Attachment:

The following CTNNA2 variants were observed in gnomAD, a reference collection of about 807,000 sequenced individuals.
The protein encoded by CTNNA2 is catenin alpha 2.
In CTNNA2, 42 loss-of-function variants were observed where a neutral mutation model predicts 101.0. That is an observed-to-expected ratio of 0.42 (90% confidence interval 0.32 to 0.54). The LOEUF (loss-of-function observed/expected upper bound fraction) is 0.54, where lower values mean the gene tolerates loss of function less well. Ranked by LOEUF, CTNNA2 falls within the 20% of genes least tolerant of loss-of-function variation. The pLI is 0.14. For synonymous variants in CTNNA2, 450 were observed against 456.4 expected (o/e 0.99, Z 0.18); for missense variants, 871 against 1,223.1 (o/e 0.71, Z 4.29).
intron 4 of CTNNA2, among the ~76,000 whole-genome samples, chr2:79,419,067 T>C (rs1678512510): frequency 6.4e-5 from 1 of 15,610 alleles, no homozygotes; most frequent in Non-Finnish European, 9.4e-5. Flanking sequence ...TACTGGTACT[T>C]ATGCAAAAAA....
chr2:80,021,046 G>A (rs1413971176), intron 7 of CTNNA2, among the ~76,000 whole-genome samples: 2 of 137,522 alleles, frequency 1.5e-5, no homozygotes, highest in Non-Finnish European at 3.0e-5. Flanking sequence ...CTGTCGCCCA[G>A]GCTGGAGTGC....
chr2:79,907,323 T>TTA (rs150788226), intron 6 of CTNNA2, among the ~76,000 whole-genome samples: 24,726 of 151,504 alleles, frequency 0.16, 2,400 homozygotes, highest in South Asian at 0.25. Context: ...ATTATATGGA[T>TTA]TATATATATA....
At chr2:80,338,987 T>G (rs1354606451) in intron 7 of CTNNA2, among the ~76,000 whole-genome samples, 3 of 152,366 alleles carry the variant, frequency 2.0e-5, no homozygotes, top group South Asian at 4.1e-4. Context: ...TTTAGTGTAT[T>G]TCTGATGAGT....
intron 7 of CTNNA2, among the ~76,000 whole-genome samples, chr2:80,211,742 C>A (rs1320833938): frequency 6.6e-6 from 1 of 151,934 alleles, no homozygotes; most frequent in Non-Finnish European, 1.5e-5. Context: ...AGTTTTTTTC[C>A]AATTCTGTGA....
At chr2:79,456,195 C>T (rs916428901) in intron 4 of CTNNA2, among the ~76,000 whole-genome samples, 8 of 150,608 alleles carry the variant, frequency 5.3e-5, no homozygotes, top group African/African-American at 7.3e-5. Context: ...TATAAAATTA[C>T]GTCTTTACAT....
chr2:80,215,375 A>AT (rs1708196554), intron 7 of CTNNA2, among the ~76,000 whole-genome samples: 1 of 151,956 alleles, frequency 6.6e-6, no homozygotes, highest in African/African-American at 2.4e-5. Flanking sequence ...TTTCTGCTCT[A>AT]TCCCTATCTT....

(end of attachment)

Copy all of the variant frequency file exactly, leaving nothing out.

The following CTNNA2 variants were observed in gnomAD, a reference collection of about 807,000 sequenced individuals.
The protein encoded by CTNNA2 is catenin alpha 2.
In CTNNA2, 42 loss-of-function variants were observed where a neutral mutation model predicts 101.0. That is an observed-to-expected ratio of 0.42 (90% confidence interval 0.32 to 0.54). The LOEUF (loss-of-function observed/expected upper bound fraction) is 0.54, where lower values mean the gene tolerates loss of function less well. Ranked by LOEUF, CTNNA2 falls within the 20% of genes least tolerant of loss-of-function variation. The pLI is 0.14. For synonymous variants in CTNNA2, 450 were observed against 456.4 expected (o/e 0.99, Z 0.18); for missense variants, 871 against 1,223.1 (o/e 0.71, Z 4.29).
intron 4 of CTNNA2, among the ~76,000 whole-genome samples, chr2:79,419,067 T>C (rs1678512510): frequency 6.4e-5 from 1 of 15,610 alleles, no homozygotes; most frequent in Non-Finnish European, 9.4e-5. Flanking sequence ...TACTGGTACT[T>C]ATGCAAAAAA....
chr2:80,021,046 G>A (rs1413971176), intron 7 of CTNNA2, among the ~76,000 whole-genome samples: 2 of 137,522 alleles, frequency 1.5e-5, no homozygotes, highest in Non-Finnish European at 3.0e-5. Flanking sequence ...CTGTCGCCCA[G>A]GCTGGAGTGC....
chr2:79,907,323 T>TTA (rs150788226), intron 6 of CTNNA2, among the ~76,000 whole-genome samples: 24,726 of 151,504 alleles, frequency 0.16, 2,400 homozygotes, highest in South Asian at 0.25. Context: ...ATTATATGGA[T>TTA]TATATATATA....
At chr2:80,338,987 T>G (rs1354606451) in intron 7 of CTNNA2, among the ~76,000 whole-genome samples, 3 of 152,366 alleles carry the variant, frequency 2.0e-5, no homozygotes, top group South Asian at 4.1e-4. Context: ...TTTAGTGTAT[T>G]TCTGATGAGT....
intron 7 of CTNNA2, among the ~76,000 whole-genome samples, chr2:80,211,742 C>A (rs1320833938): frequency 6.6e-6 from 1 of 151,934 alleles, no homozygotes; most frequent in Non-Finnish European, 1.5e-5. Context: ...AGTTTTTTTC[C>A]AATTCTGTGA....
At chr2:79,456,195 C>T (rs916428901) in intron 4 of CTNNA2, among the ~76,000 whole-genome samples, 8 of 150,608 alleles carry the variant, frequency 5.3e-5, no homozygotes, top group African/African-American at 7.3e-5. Context: ...TATAAAATTA[C>T]GTCTTTACAT....
chr2:80,215,375 A>AT (rs1708196554), intron 7 of CTNNA2, among the ~76,000 whole-genome samples: 1 of 151,956 alleles, frequency 6.6e-6, no homozygotes, highest in African/African-American at 2.4e-5. Flanking sequence ...TTTCTGCTCT[A>AT]TCCCTATCTT....